After asking the court to disregard her legal defence, Geng pleaded guilty to charges including conducting illegal business activities, according to a video of the trial that was captured and posted online.

[… Ji Feng, an activist and friend of Geng’s] said Geng had been indicted over illegal business activities involving 200,000 copies of mostly cookery books for which the full publishing rights had not been obtained.

“‘Illegal business activities’ is just an alternative charge to ‘inciting state subversion’ when it comes to entrepreneurs who are critical of China’s political ecology,” Ji said. “The purpose is to intimidate, silence and cut off all social networks they have with political dissidents in a bid to isolate them.”

Geng, who is also an art curator and film producer, was detained, along with her husband, two months after she had spoken out in support of Xu. He had been detained by police for “patronising prostitutes” during a trip which Geng organised for a group of academics including Xu to the southwestern city of Chengdu last year. [Source]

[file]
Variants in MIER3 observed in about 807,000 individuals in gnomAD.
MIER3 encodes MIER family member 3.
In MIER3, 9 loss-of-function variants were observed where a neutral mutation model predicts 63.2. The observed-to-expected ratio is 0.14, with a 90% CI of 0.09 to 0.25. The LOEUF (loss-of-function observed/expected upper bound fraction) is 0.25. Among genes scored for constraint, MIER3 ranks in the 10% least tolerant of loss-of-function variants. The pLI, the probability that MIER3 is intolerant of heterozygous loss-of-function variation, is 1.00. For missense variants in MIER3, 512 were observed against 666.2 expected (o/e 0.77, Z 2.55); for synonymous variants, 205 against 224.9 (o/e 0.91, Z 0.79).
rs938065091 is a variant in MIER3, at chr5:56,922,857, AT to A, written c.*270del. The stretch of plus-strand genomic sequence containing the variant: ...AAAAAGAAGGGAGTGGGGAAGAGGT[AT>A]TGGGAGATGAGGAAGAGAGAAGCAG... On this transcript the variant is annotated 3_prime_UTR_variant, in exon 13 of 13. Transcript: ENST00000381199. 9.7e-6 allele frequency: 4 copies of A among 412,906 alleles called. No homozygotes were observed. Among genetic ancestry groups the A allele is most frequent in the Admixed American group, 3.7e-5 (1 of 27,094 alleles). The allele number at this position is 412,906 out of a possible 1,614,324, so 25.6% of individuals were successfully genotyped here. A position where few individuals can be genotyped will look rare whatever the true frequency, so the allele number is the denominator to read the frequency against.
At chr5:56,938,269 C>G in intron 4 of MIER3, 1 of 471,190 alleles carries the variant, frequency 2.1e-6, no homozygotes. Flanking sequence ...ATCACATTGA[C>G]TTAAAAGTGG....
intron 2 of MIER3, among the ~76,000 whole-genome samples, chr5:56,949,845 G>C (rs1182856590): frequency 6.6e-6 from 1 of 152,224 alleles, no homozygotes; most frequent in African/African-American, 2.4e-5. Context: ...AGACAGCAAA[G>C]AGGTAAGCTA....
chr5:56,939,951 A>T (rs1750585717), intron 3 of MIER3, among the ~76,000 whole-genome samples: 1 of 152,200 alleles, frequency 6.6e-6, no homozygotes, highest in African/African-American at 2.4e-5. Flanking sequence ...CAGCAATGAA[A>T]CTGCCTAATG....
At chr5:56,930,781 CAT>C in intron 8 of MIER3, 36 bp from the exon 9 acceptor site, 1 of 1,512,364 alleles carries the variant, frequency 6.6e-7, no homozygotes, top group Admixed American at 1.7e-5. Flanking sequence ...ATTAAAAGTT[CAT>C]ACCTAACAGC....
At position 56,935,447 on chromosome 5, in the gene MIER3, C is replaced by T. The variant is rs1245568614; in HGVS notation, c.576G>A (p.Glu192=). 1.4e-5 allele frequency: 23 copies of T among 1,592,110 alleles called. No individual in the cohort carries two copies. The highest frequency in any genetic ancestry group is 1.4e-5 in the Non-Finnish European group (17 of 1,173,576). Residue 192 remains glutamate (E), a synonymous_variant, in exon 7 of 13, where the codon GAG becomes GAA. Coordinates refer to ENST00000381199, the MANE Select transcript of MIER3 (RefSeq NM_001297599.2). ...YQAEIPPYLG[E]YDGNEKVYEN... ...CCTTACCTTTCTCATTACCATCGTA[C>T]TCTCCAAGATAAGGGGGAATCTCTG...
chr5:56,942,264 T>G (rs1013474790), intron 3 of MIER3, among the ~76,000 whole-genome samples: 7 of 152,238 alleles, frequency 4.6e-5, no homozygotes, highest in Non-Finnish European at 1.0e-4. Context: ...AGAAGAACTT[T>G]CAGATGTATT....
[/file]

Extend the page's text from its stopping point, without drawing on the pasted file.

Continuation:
Prior to her arrest, Geng had been a supporter of dissidents and liberal who had been targeted by Chinese authorities in recent years. Privately, she had organized events that brought together government critics and retired officials. When Chen Qiushi, one of four citizen “disappeared” for their reporting on the Wuhan lockdown, was taken in by authorities, Geng publicly lobbied on his behalf. She was also the first person to publicly reveal details about the detention of Professor Xu Zhangrun. Her friendship with many of China’s liberal intellectuals won her their outspoken support following her arrest–in October , six Chinese scholars wrote an open letter to the CCP calling for her release.